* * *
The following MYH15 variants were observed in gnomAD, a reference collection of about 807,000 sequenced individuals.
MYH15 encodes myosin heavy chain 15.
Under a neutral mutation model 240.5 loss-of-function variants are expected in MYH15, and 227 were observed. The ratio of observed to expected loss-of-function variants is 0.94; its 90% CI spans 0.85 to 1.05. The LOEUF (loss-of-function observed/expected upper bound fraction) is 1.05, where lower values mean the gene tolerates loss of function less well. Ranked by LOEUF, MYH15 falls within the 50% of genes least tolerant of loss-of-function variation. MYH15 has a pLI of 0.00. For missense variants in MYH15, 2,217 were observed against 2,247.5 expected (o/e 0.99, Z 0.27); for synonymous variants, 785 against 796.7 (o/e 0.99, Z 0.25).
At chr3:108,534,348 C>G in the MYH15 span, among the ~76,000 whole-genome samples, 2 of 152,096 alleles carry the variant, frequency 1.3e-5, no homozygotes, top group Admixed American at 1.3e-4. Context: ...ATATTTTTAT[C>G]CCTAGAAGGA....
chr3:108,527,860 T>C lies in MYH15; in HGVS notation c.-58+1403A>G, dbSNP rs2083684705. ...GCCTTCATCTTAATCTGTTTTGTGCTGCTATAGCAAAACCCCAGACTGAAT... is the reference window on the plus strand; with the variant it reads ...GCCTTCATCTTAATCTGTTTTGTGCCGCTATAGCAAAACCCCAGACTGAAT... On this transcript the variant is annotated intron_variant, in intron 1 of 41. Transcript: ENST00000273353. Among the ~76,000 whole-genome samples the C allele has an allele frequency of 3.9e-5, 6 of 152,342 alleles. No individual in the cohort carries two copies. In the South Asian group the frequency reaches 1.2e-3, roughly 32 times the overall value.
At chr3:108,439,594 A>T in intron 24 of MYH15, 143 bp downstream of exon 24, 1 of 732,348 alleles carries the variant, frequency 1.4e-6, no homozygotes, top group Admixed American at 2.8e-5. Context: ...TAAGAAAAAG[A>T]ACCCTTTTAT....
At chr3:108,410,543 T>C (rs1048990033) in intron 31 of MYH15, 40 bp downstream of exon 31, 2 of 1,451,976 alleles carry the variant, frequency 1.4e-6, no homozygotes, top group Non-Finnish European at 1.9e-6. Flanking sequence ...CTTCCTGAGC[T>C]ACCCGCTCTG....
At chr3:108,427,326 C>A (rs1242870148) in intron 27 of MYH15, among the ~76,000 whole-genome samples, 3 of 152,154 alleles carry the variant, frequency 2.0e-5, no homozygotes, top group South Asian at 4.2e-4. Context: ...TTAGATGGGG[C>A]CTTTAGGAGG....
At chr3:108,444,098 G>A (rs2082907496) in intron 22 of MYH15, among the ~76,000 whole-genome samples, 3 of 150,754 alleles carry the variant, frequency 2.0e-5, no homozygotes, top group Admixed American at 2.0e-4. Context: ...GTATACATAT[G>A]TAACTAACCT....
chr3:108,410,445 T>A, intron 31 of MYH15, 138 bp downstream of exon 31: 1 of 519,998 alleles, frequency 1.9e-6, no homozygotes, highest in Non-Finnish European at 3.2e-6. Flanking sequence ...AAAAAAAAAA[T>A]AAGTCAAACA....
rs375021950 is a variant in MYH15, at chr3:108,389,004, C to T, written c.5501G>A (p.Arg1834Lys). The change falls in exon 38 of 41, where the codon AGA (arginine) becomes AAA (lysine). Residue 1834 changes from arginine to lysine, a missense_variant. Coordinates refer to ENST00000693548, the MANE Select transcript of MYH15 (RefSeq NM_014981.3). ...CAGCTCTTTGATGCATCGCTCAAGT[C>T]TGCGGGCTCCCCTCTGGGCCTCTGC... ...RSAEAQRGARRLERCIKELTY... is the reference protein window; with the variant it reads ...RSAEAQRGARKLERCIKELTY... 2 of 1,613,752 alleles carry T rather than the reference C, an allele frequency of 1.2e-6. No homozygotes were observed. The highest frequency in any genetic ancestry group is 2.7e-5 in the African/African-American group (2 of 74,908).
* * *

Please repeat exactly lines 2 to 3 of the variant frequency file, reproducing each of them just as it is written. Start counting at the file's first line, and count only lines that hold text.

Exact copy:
MYH15 encodes myosin heavy chain 15.
Under a neutral mutation model 240.5 loss-of-function variants are expected in MYH15, and 227 were observed. The ratio of observed to expected loss-of-function variants is 0.94; its 90% CI spans 0.85 to 1.05. The LOEUF (loss-of-function observed/expected upper bound fraction) is 1.05, where lower values mean the gene tolerates loss of function less well. Ranked by LOEUF, MYH15 falls within the 50% of genes least tolerant of loss-of-function variation. MYH15 has a pLI of 0.00. For missense variants in MYH15, 2,217 were observed against 2,247.5 expected (o/e 0.99, Z 0.27); for synonymous variants, 785 against 796.7 (o/e 0.99, Z 0.25).